I anticipate,
reminded of the pool hall across the tracks
where the soda machine was a square
refrigerated box with strips of metal where
bottles of Grapette and Orange Crush
hung by their necks until you put your quarter in
and slide them down their metal strip
to where you could pull them out through a trap door
opened by your quarter,
cold, sweaty wet, cool going down,
cool against your forehead or cheek,
ceiling fans slowly turning,
the realm, this place, of the short Mexican man
on a high stool in the corner of the room,
fedora low over his eyes, little cigar
hanging
from the corner of his mouth,
neither, mouth or cigar,
ever moving,
never a word said
to us Anglo kids, coming in after school to
play pool and smoke,
learning the rules of eight-ball and rotation,
and the unspoken rule,
enforced by the short, silent man
with a snort and tightening of his eyes
under his hat - no wet soda bottles, ever,
ever,
on the felt…

a real pool hall, I’ve been in a couple
over the years, no
beer, just sodas, no neon, no
foul language, no
hard women
seeking the solace of another beer
or a ten dollar bill for blowjob in the back,
just two rows of eight pool tables,
cue racks
against the wall,
chalk, and big powder cones
by each rack…

disappeared all, replaced
by titty bars in the seventies,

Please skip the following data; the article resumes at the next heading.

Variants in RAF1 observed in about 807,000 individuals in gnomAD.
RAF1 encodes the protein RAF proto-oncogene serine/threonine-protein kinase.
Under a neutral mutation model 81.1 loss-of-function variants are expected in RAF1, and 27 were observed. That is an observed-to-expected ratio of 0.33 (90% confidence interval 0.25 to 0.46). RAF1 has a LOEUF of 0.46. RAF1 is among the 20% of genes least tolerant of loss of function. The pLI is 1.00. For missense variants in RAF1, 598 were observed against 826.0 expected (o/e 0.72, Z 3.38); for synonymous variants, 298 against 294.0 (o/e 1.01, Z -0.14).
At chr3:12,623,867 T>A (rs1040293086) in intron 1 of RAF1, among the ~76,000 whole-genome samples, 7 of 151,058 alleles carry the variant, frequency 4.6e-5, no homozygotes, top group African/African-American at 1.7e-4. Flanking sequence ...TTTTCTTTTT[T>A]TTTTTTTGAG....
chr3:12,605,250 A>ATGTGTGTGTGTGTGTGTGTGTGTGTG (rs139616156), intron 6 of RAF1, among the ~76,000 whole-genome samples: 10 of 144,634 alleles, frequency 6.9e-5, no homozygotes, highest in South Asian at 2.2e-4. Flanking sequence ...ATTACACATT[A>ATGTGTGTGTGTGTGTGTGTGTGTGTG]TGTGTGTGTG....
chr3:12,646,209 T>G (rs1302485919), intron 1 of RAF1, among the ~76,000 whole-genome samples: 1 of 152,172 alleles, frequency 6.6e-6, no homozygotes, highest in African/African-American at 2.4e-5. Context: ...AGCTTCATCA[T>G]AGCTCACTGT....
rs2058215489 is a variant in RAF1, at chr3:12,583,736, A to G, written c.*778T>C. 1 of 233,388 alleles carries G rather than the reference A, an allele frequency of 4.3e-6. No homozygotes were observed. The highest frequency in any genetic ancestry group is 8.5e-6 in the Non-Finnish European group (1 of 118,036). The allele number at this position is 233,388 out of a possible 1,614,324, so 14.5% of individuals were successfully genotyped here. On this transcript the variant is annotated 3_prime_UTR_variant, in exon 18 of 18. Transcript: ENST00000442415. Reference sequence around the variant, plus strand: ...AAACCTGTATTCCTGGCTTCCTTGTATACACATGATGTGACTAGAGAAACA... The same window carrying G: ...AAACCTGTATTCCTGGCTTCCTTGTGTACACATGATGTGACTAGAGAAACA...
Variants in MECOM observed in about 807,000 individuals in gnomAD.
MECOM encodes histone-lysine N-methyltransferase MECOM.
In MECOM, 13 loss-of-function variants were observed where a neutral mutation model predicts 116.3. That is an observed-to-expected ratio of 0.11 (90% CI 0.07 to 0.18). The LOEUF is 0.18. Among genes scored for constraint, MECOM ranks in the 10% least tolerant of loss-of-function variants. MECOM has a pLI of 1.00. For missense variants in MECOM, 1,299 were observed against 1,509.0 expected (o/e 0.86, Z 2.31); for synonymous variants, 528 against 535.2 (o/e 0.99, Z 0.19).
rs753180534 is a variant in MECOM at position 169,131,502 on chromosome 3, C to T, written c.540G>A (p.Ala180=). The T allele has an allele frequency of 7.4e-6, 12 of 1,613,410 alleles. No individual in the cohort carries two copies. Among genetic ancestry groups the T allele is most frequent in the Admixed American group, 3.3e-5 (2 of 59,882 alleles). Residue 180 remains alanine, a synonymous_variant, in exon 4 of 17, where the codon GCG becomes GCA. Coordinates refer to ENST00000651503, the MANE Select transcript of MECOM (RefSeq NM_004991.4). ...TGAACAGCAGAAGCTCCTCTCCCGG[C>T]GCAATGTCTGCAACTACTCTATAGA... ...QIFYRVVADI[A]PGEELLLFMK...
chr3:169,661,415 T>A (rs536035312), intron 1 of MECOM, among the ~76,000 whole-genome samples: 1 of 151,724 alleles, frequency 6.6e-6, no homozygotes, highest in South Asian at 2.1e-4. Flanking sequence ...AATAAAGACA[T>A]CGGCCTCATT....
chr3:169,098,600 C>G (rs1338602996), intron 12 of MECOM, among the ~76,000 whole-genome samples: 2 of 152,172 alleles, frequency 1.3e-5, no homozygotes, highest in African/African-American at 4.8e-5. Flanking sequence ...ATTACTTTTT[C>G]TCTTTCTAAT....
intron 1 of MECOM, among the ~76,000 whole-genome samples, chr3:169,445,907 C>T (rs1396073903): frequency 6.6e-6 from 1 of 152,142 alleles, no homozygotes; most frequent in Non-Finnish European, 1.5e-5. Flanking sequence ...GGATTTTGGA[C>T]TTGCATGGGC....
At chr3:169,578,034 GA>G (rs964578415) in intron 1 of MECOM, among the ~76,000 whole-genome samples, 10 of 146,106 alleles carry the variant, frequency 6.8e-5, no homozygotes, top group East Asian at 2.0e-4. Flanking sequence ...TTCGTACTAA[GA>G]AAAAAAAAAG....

back when everything went topless,
from bars, to pizza parlors to car washes,
how strange it seems now, drinks
served under the sway of heavy breasts
bared to the neon and smoke, and the titty bars
replaced in turn by family recreation centers,
and red felt tables in the corners of bowling alleys,
and roadside bars
where once-a-week hustlers
are separated from their paycheck
by sharks sitting quietly in wait for the proper mix
of beer and bravado to expose their mark…

and as the world cheapens itself,
I don’t participate - don’t drink anymore,
more embarrassed than aroused by
the bare breasts of strangers,
can’t keep up with the cowboys and the
pool sharks, still missing that dark
pool hall, the lazy summer afternoons, the clackity-clack
of striped and solid balls hit with more enthusiasm
than skill, ceiling fans slowly turning,
a wet, frosty bottle of Orange Crush
on the back of my neck - fifty years ago
when I had better things to do
than wait for rain
and that dark, side-street
pool hall
was where I did many of
them








Here's a longish (by "Here and Now" standards) poem by D.H. Lawrence, from Selected Poetry, originally published by Penguin in 1972 and in this revised edition in 1986.



Snake

A snake came to my water-trough
On a hot, hot day, and I in pajamas for the heat,
To drink there.

In the deep, strange-scented shade of the great dark carob tree
I came down the steps with my pitcher
And must wait, must stand and wait, for there he was at the
    trough before me.

He reached down from a fissure in the earth-wall in the gloom
And trailed his yellow-brown slackness soft-bellied down,
    over the edge of the stone trough
And rested his throat upon the stone bottom
And where the water had dripped from the tap, in a small
    clearness,
He sipped with his straight mouth,
Softly drank through his straight gums,into his slack long
    body,
Silently.

Someone was before me at my water-trough,
And I, like a second-comer,waiting.

He lifted his head from his drinking, as cattle do,
and looked at me vaguely, as drinking cattle do,